The public politics of Catholic clergy’s displayed progression: when is social engagement too much?
A pastor at Lexington Catholic Community caused quite a stir when he endorsed former Vice President Joe Biden in his current presidential bid. It even prompted an indirect response from Boston Archdiocese Cardinal Sean O’Malley, who said:
“The Catholic community has the right to expect the priests of the Archdiocese and those entrusted with handing on the faith to be clear and unequivocal on the Church’s teaching concerning respect and protection for life from the first moment of conception to natural death. This teaching is of the highest priority for the Church. [Clergy and staff] may not endorse or oppose candidates for election or political parties.”
The pastor, Msgr. Paul Garrity, said in a lengthy Facebook post, “I am pro-life and I believe in a woman’s right to choose. I will vote for Joe Biden for president because I believe that Joe Biden is pro-life like me. I believe that any woman who becomes pregnant should have the right to choose to give birth to her baby.” His post can be viewed in full here:
While Biden is a pro-choice candidate, Garrity cites the “Forming Consciences for Faithful Citizenship” article from the United States Council of Catholic Bishops to influence his decision, urging we Catholics should not be “single issue voters.” While Biden may “support abortion,” as The Boston Pilot puts it, it seems both Biden and Garrity note that some expectant mothers face poverty and hardships during pregnancy. Garrity sites that a mother needs “people around her to support her,” “confidence,” “trust,” and “freedom.” Many critics both in the comments of his post and in the Pilot article following the incident assert this language means Garrity is “anti-life” or endorses abortion, but he responds that this is untrue.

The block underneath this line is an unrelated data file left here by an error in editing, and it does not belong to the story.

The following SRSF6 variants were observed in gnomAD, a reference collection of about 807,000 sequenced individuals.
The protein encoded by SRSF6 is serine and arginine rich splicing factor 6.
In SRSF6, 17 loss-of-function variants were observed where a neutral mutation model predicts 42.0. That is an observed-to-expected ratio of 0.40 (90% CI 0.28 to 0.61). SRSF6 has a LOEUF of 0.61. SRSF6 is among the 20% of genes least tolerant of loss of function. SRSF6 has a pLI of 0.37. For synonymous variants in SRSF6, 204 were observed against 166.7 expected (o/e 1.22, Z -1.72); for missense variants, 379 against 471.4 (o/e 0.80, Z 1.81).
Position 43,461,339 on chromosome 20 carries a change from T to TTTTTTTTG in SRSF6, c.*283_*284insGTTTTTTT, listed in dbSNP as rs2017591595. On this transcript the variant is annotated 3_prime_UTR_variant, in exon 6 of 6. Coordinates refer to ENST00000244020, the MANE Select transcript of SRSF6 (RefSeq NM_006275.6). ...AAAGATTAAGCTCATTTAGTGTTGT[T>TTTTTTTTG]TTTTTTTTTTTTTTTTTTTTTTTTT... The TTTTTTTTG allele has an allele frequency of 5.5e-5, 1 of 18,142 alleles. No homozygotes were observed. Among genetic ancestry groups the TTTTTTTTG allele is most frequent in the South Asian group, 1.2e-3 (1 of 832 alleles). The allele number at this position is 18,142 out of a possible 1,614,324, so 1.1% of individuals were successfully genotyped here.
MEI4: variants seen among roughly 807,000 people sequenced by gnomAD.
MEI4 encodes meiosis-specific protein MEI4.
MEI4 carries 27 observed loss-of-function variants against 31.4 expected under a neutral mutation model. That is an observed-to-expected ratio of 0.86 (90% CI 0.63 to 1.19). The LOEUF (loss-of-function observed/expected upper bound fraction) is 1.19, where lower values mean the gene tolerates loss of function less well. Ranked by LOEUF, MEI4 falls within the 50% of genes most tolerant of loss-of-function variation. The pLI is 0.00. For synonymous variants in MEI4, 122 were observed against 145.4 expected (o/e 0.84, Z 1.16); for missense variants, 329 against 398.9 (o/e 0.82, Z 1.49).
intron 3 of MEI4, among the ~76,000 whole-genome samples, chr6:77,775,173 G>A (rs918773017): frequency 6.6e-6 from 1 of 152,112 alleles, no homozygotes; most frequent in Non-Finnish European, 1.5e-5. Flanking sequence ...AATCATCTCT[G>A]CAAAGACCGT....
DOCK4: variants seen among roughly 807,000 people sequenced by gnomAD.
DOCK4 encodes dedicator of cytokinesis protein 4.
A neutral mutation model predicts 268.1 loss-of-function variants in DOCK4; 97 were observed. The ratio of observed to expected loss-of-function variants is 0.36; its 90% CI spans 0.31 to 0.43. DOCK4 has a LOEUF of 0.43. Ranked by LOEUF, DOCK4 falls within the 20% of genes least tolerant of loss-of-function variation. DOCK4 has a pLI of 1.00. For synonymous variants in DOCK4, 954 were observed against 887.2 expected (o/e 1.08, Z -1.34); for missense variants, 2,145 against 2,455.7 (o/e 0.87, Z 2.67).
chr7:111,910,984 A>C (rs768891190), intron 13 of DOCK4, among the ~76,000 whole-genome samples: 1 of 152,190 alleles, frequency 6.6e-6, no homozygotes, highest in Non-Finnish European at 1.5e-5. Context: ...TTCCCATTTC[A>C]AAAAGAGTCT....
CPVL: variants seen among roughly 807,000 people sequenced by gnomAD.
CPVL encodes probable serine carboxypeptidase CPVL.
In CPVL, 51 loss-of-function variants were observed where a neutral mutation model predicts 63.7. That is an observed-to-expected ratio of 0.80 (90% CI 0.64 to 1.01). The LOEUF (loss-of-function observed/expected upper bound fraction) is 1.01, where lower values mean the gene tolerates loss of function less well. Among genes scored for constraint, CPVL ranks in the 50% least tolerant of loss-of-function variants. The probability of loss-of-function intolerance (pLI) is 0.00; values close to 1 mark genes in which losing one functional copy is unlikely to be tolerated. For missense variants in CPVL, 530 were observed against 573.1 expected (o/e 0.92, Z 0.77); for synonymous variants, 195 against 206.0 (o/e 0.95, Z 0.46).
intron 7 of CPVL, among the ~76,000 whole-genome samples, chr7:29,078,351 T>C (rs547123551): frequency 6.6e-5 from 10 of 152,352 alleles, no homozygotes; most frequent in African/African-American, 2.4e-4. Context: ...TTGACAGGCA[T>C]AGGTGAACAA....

“I am totally against legalized abortion. I am committed to upholding Church teaching regarding the sanctity of life from the moment of conception until natural death,” he wrote in an apology post after deleting his initial one.
Instead, it seems Garrity wants to enable the pro-life movement and live in a world where conceiving a child amid irresolute conditions is not a life sentence of irresolute conditions. Simply put, he wants to give more reason for parents to make pro-life decisions. An assumed redeemed morality is not worth it for many parents if it means continued homelessness, addiction, abuse, grief from relatives and friends, unstable professional and educational goals, among a multitude of other problems. If abortion is a sin, it is a small price to pay compared to a host of hardships.